Along with the note-pocket package had come a letter from Miss Wise. “The whole class is coming to Washington for a day,” it read, “and we can’t imagine that trip without you.” It was arranged that I would meet the bus at a certain time and we would spend the day together touring the city. That day is engraved in my memory, from the moment I met the bus and was greeted like a queen, to being blissfully squeezed between Jimmy and Gary who sneaked kisses on my cheeks when we went through a tunnel, to saying goodbye to my friends again for what would be the very last time.
Most of all, I remember basking in the warmth of my beloved Miss Wise, who knew that this was much more than a field trip for me. She had never taken a class to Washington before, and she did this, not only for the class, but for me.
I guess she did it because she understood loneliness. She was unmarried, a spinster, as so many teachers were in those days. She shared a house with my next-favorite teacher, Miss Owen, who had taught me in sixth grade. The few times I passed their house, I thought of it as a magical place, a place where goodness reigned, where books were read, where lofty thoughts floated like kindly ghosts through music-filled rooms.
The year after I moved away, I heard that Miss Wise and Miss Owen no longer were living together. And soon after that, I began receiving postcards from Miss Wise, postcards from places we had read about and studied in our geography lessons. I had never known anyone who had actually been to those places. One card had a photograph of an enormous snow-capped mountain, and on the other side Miss Wise had written, in her neat up-and-down hand, “Right now I am looking out my window at Mount Kilimanjaro…” Other cards followed, from India, from Tibet, from places I had never heard of, even in geography. She signed them with her full name: Eliza Warwick Wise.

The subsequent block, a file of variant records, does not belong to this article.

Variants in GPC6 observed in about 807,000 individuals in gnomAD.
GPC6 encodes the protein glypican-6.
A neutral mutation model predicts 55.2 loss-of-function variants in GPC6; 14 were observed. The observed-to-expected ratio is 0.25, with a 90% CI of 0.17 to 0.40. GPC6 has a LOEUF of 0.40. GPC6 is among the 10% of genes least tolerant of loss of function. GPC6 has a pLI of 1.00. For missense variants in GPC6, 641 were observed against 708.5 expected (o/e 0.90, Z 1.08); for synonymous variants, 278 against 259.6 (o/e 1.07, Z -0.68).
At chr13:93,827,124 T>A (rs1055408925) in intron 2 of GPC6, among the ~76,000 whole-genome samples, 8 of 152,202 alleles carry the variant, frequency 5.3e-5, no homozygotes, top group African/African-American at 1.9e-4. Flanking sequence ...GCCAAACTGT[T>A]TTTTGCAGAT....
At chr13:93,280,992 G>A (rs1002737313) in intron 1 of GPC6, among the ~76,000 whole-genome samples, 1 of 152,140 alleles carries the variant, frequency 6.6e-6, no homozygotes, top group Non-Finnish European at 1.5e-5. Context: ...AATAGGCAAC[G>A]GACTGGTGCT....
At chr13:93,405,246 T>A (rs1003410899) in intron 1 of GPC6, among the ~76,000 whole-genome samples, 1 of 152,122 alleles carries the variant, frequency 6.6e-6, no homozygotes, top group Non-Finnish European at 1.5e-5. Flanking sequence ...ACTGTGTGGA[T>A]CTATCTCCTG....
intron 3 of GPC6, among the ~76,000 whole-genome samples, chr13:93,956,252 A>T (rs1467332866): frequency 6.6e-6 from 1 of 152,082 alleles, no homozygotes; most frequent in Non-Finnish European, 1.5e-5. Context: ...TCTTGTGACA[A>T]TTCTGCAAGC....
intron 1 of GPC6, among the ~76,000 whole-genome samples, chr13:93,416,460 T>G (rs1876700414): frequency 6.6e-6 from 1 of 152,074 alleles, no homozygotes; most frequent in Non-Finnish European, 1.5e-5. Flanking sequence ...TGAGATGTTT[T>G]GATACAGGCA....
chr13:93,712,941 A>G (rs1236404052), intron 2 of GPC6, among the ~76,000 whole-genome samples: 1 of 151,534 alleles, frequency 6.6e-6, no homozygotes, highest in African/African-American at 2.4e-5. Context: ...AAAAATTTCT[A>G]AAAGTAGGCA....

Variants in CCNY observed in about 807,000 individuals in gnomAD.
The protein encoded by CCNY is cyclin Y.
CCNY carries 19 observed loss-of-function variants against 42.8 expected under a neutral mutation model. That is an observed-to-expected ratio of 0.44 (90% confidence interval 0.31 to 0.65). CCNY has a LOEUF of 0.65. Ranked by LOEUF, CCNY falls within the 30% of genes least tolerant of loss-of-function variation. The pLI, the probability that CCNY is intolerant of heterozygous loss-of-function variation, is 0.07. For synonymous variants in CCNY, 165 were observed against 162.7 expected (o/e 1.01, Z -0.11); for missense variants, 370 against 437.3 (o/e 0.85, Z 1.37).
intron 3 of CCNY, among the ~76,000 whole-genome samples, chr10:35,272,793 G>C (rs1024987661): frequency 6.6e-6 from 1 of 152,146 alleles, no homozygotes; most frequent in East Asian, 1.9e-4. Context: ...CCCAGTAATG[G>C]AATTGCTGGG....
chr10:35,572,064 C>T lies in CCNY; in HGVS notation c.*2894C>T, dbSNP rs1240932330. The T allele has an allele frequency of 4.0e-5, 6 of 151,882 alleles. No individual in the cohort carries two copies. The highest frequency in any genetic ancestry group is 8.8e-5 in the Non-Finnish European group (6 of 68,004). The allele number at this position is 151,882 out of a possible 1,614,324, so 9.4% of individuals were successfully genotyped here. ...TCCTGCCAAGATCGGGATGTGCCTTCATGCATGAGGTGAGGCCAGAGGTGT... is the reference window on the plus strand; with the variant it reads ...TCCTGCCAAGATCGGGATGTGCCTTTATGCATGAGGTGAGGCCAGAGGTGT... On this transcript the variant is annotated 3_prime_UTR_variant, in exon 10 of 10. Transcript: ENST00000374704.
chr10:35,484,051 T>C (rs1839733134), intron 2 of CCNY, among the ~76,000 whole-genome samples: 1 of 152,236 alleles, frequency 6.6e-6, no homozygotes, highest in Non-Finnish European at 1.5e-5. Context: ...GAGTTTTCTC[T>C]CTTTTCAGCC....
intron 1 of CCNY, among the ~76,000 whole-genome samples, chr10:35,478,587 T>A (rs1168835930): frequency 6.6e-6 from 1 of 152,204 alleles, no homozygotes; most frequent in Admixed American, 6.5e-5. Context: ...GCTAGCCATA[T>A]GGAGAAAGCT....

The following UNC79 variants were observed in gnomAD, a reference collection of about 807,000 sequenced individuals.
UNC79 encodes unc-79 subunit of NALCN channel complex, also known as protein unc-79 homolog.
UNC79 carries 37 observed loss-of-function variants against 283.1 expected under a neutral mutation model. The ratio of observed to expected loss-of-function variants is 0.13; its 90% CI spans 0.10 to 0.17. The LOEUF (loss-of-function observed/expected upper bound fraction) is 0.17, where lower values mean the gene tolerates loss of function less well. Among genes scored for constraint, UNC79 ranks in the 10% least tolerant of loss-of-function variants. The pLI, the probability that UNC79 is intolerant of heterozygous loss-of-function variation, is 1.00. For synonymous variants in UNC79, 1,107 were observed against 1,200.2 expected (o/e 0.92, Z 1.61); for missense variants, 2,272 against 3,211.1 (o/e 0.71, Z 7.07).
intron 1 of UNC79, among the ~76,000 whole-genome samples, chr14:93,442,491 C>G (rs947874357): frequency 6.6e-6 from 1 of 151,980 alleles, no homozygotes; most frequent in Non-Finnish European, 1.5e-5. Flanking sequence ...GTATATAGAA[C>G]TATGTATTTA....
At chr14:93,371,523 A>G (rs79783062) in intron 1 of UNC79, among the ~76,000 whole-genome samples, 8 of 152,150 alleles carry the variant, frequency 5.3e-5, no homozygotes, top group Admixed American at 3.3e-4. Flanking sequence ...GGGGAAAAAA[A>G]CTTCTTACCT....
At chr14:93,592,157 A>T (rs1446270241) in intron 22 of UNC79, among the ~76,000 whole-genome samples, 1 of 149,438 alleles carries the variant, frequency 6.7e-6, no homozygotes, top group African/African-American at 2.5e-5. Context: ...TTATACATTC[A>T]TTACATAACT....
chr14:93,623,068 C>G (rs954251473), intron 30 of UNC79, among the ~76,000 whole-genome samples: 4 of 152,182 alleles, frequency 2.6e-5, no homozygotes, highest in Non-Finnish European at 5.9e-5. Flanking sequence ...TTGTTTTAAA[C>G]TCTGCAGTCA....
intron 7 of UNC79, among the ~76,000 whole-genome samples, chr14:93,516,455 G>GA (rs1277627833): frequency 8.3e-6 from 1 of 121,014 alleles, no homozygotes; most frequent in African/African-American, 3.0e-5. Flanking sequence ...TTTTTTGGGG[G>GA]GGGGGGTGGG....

And then, one day, they stopped. By then, I had adjusted to my new city. I was caught up in the maze of adolescence, of boys and school and a whole new life. I wondered from time to time why the postcards had stopped, and where Miss Wise had gone. Now and then I would look at the photographs I took that last day, or re-read the little notes tucked into the construction-paper pockets, but those times became fewer and fewer. Sometimes years would pass before I would think of her again, and wonder if she ever thought of me.
Recently I returned to Newport News to speak about a book I’d written, set in the Newport News of 1954, the year after I moved away. I scanned the older women in the audience, looking for Miss Wise as I imagined she would age. I found out later that I was ten years too late. Miss Wise had died.
I had let her go without seeing her again, without telling her what she had meant to me. I wondered anew why the letters had stopped. I recently reread them, and found a clue in her last note to me, written after she had come through Washington from someplace to someplace else. “I thought about you,” she wrote. “I wish you lived at Union Station. Then I would have seen you. I waved in your direction as the train passed Alexandria. Funny thing—you didn’t wave back.”
Well, Miss Wise, I’m waving now. Not just goodbye to you, but to all those might-have-been moments that slip away without notice. Time and life get in the way, and that’s the way it is. But memories don’t disappear—at least not yet—and the class trip we shared is still sharp and clear. So that’s what I’ll keep as my last link to you. We’ll always have Washington.